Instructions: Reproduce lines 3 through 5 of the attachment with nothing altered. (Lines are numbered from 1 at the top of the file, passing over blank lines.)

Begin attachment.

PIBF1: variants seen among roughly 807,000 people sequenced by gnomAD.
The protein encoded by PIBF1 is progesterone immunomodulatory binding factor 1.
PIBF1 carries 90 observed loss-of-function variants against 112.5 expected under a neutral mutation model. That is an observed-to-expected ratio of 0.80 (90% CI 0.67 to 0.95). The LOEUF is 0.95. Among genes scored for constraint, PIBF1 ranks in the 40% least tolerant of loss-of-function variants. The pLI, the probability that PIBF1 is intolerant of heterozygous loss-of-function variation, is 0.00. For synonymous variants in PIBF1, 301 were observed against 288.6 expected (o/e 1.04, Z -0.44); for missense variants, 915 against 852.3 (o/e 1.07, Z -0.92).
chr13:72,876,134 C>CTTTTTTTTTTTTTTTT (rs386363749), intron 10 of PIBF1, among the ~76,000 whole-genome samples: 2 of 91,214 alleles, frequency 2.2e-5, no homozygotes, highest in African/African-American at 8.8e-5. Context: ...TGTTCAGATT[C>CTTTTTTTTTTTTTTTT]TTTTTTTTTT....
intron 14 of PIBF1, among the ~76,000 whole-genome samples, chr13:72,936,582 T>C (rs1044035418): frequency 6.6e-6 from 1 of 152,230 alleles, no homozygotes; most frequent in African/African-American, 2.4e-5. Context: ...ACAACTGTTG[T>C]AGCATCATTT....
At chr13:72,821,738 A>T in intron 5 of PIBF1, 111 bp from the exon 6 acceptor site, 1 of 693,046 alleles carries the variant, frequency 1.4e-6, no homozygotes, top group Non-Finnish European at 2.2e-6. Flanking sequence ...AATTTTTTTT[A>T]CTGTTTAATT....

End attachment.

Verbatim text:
PIBF1 carries 90 observed loss-of-function variants against 112.5 expected under a neutral mutation model. That is an observed-to-expected ratio of 0.80 (90% CI 0.67 to 0.95). The LOEUF is 0.95. Among genes scored for constraint, PIBF1 ranks in the 40% least tolerant of loss-of-function variants. The pLI, the probability that PIBF1 is intolerant of heterozygous loss-of-function variation, is 0.00. For synonymous variants in PIBF1, 301 were observed against 288.6 expected (o/e 1.04, Z -0.44); for missense variants, 915 against 852.3 (o/e 1.07, Z -0.92).
chr13:72,876,134 C>CTTTTTTTTTTTTTTTT (rs386363749), intron 10 of PIBF1, among the ~76,000 whole-genome samples: 2 of 91,214 alleles, frequency 2.2e-5, no homozygotes, highest in African/African-American at 8.8e-5. Context: ...TGTTCAGATT[C>CTTTTTTTTTTTTTTTT]TTTTTTTTTT....
intron 14 of PIBF1, among the ~76,000 whole-genome samples, chr13:72,936,582 T>C (rs1044035418): frequency 6.6e-6 from 1 of 152,230 alleles, no homozygotes; most frequent in African/African-American, 2.4e-5. Context: ...ACAACTGTTG[T>C]AGCATCATTT....